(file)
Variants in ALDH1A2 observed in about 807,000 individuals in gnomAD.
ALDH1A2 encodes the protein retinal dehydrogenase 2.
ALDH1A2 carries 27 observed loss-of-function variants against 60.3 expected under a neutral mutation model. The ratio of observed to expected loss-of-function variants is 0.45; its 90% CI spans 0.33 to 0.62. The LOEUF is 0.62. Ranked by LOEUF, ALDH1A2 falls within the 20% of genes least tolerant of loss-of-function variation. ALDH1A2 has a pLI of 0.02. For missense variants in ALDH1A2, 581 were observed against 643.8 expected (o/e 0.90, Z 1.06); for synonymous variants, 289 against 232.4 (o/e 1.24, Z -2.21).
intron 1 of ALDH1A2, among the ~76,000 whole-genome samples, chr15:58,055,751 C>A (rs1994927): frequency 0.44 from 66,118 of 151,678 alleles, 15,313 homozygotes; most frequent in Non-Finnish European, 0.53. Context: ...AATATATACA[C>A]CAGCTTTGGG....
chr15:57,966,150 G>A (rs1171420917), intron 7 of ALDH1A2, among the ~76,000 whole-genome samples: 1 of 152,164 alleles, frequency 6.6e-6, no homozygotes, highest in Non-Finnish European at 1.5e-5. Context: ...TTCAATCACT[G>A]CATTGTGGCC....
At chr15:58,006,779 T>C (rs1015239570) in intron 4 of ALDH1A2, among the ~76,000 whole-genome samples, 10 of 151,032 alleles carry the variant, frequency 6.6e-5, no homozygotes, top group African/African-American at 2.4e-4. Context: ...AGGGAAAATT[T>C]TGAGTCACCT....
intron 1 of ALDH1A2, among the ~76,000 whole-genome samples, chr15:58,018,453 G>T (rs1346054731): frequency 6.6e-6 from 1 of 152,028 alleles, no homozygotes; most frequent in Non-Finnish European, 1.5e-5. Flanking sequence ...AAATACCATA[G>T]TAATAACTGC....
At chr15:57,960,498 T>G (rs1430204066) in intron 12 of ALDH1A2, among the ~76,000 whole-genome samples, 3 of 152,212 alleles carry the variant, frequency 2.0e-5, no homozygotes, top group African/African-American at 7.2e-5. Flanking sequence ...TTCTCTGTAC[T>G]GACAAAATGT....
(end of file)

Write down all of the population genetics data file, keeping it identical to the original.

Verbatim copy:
Variants in ALDH1A2 observed in about 807,000 individuals in gnomAD.
ALDH1A2 encodes the protein retinal dehydrogenase 2.
ALDH1A2 carries 27 observed loss-of-function variants against 60.3 expected under a neutral mutation model. The ratio of observed to expected loss-of-function variants is 0.45; its 90% CI spans 0.33 to 0.62. The LOEUF is 0.62. Ranked by LOEUF, ALDH1A2 falls within the 20% of genes least tolerant of loss-of-function variation. ALDH1A2 has a pLI of 0.02. For missense variants in ALDH1A2, 581 were observed against 643.8 expected (o/e 0.90, Z 1.06); for synonymous variants, 289 against 232.4 (o/e 1.24, Z -2.21).
intron 1 of ALDH1A2, among the ~76,000 whole-genome samples, chr15:58,055,751 C>A (rs1994927): frequency 0.44 from 66,118 of 151,678 alleles, 15,313 homozygotes; most frequent in Non-Finnish European, 0.53. Context: ...AATATATACA[C>A]CAGCTTTGGG....
chr15:57,966,150 G>A (rs1171420917), intron 7 of ALDH1A2, among the ~76,000 whole-genome samples: 1 of 152,164 alleles, frequency 6.6e-6, no homozygotes, highest in Non-Finnish European at 1.5e-5. Context: ...TTCAATCACT[G>A]CATTGTGGCC....
At chr15:58,006,779 T>C (rs1015239570) in intron 4 of ALDH1A2, among the ~76,000 whole-genome samples, 10 of 151,032 alleles carry the variant, frequency 6.6e-5, no homozygotes, top group African/African-American at 2.4e-4. Context: ...AGGGAAAATT[T>C]TGAGTCACCT....
intron 1 of ALDH1A2, among the ~76,000 whole-genome samples, chr15:58,018,453 G>T (rs1346054731): frequency 6.6e-6 from 1 of 152,028 alleles, no homozygotes; most frequent in Non-Finnish European, 1.5e-5. Flanking sequence ...AAATACCATA[G>T]TAATAACTGC....
At chr15:57,960,498 T>G (rs1430204066) in intron 12 of ALDH1A2, among the ~76,000 whole-genome samples, 3 of 152,212 alleles carry the variant, frequency 2.0e-5, no homozygotes, top group African/African-American at 7.2e-5. Flanking sequence ...TTCTCTGTAC[T>G]GACAAAATGT....